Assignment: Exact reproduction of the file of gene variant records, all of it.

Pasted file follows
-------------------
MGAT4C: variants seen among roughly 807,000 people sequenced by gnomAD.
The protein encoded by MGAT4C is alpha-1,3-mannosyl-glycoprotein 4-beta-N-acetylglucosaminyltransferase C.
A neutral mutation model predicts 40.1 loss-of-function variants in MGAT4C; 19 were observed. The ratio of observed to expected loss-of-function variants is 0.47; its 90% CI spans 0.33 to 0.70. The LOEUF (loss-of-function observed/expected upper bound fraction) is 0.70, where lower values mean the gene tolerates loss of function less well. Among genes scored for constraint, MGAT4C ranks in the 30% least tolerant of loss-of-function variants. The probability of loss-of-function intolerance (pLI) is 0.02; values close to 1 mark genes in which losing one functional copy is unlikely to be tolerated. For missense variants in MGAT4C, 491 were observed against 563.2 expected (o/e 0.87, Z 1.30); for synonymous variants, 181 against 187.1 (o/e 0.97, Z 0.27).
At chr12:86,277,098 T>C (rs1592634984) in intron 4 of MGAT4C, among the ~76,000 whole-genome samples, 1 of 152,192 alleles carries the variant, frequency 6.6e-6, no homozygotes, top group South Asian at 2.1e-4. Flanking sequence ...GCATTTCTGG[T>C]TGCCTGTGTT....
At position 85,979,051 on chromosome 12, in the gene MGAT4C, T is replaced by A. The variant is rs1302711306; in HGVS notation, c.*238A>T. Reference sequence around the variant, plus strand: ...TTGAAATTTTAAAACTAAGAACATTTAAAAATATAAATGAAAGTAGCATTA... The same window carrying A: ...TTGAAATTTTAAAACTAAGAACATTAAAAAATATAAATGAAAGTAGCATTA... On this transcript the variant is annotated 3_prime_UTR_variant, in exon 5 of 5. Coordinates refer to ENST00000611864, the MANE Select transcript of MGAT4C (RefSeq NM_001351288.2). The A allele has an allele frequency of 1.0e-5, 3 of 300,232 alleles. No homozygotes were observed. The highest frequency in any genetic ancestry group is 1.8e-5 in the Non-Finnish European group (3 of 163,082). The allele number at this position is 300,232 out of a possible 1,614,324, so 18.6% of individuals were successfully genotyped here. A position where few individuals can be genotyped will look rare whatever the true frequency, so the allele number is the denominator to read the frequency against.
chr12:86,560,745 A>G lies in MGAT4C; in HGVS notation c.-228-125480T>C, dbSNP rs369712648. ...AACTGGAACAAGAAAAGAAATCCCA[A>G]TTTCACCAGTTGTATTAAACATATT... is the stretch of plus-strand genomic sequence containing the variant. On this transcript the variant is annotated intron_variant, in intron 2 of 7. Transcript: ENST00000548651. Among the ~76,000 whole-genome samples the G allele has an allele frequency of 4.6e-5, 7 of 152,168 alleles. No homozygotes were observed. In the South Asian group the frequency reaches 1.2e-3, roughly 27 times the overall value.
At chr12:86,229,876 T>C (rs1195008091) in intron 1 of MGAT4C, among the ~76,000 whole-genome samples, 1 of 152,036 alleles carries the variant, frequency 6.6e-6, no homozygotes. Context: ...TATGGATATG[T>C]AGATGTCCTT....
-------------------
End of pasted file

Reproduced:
MGAT4C: variants seen among roughly 807,000 people sequenced by gnomAD.
The protein encoded by MGAT4C is alpha-1,3-mannosyl-glycoprotein 4-beta-N-acetylglucosaminyltransferase C.
A neutral mutation model predicts 40.1 loss-of-function variants in MGAT4C; 19 were observed. The ratio of observed to expected loss-of-function variants is 0.47; its 90% CI spans 0.33 to 0.70. The LOEUF (loss-of-function observed/expected upper bound fraction) is 0.70, where lower values mean the gene tolerates loss of function less well. Among genes scored for constraint, MGAT4C ranks in the 30% least tolerant of loss-of-function variants. The probability of loss-of-function intolerance (pLI) is 0.02; values close to 1 mark genes in which losing one functional copy is unlikely to be tolerated. For missense variants in MGAT4C, 491 were observed against 563.2 expected (o/e 0.87, Z 1.30); for synonymous variants, 181 against 187.1 (o/e 0.97, Z 0.27).
At chr12:86,277,098 T>C (rs1592634984) in intron 4 of MGAT4C, among the ~76,000 whole-genome samples, 1 of 152,192 alleles carries the variant, frequency 6.6e-6, no homozygotes, top group South Asian at 2.1e-4. Flanking sequence ...GCATTTCTGG[T>C]TGCCTGTGTT....
At position 85,979,051 on chromosome 12, in the gene MGAT4C, T is replaced by A. The variant is rs1302711306; in HGVS notation, c.*238A>T. Reference sequence around the variant, plus strand: ...TTGAAATTTTAAAACTAAGAACATTTAAAAATATAAATGAAAGTAGCATTA... The same window carrying A: ...TTGAAATTTTAAAACTAAGAACATTAAAAAATATAAATGAAAGTAGCATTA... On this transcript the variant is annotated 3_prime_UTR_variant, in exon 5 of 5. Coordinates refer to ENST00000611864, the MANE Select transcript of MGAT4C (RefSeq NM_001351288.2). The A allele has an allele frequency of 1.0e-5, 3 of 300,232 alleles. No homozygotes were observed. The highest frequency in any genetic ancestry group is 1.8e-5 in the Non-Finnish European group (3 of 163,082). The allele number at this position is 300,232 out of a possible 1,614,324, so 18.6% of individuals were successfully genotyped here. A position where few individuals can be genotyped will look rare whatever the true frequency, so the allele number is the denominator to read the frequency against.
chr12:86,560,745 A>G lies in MGAT4C; in HGVS notation c.-228-125480T>C, dbSNP rs369712648. ...AACTGGAACAAGAAAAGAAATCCCA[A>G]TTTCACCAGTTGTATTAAACATATT... is the stretch of plus-strand genomic sequence containing the variant. On this transcript the variant is annotated intron_variant, in intron 2 of 7. Transcript: ENST00000548651. Among the ~76,000 whole-genome samples the G allele has an allele frequency of 4.6e-5, 7 of 152,168 alleles. No homozygotes were observed. In the South Asian group the frequency reaches 1.2e-3, roughly 27 times the overall value.
At chr12:86,229,876 T>C (rs1195008091) in intron 1 of MGAT4C, among the ~76,000 whole-genome samples, 1 of 152,036 alleles carries the variant, frequency 6.6e-6, no homozygotes. Context: ...TATGGATATG[T>C]AGATGTCCTT....